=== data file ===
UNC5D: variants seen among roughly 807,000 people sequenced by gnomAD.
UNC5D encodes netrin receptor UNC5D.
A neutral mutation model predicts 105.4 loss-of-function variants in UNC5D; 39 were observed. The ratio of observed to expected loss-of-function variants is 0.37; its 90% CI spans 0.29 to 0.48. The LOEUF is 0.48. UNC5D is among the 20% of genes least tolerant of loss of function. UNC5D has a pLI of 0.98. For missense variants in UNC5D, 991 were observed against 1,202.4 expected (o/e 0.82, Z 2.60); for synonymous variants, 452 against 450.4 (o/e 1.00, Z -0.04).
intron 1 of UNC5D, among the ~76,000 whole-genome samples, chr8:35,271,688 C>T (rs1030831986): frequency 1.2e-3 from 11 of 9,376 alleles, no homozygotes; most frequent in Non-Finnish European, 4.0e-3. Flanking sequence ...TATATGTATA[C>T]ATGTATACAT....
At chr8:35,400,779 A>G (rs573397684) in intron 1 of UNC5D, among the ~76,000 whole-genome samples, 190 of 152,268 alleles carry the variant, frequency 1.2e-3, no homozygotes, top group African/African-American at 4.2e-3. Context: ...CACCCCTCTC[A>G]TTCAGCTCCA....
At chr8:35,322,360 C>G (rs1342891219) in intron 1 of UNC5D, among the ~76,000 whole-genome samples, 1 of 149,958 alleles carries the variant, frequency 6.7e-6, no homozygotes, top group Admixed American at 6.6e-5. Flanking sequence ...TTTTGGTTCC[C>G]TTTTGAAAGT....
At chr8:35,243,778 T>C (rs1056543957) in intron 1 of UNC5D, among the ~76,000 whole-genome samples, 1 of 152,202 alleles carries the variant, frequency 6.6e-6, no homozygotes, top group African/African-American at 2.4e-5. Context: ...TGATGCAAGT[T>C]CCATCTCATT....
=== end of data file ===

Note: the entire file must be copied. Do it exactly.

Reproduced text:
UNC5D: variants seen among roughly 807,000 people sequenced by gnomAD.
UNC5D encodes netrin receptor UNC5D.
A neutral mutation model predicts 105.4 loss-of-function variants in UNC5D; 39 were observed. The ratio of observed to expected loss-of-function variants is 0.37; its 90% CI spans 0.29 to 0.48. The LOEUF is 0.48. UNC5D is among the 20% of genes least tolerant of loss of function. UNC5D has a pLI of 0.98. For missense variants in UNC5D, 991 were observed against 1,202.4 expected (o/e 0.82, Z 2.60); for synonymous variants, 452 against 450.4 (o/e 1.00, Z -0.04).
intron 1 of UNC5D, among the ~76,000 whole-genome samples, chr8:35,271,688 C>T (rs1030831986): frequency 1.2e-3 from 11 of 9,376 alleles, no homozygotes; most frequent in Non-Finnish European, 4.0e-3. Flanking sequence ...TATATGTATA[C>T]ATGTATACAT....
At chr8:35,400,779 A>G (rs573397684) in intron 1 of UNC5D, among the ~76,000 whole-genome samples, 190 of 152,268 alleles carry the variant, frequency 1.2e-3, no homozygotes, top group African/African-American at 4.2e-3. Context: ...CACCCCTCTC[A>G]TTCAGCTCCA....
At chr8:35,322,360 C>G (rs1342891219) in intron 1 of UNC5D, among the ~76,000 whole-genome samples, 1 of 149,958 alleles carries the variant, frequency 6.7e-6, no homozygotes, top group Admixed American at 6.6e-5. Flanking sequence ...TTTTGGTTCC[C>G]TTTTGAAAGT....
At chr8:35,243,778 T>C (rs1056543957) in intron 1 of UNC5D, among the ~76,000 whole-genome samples, 1 of 152,202 alleles carries the variant, frequency 6.6e-6, no homozygotes, top group African/African-American at 2.4e-5. Context: ...TGATGCAAGT[T>C]CCATCTCATT....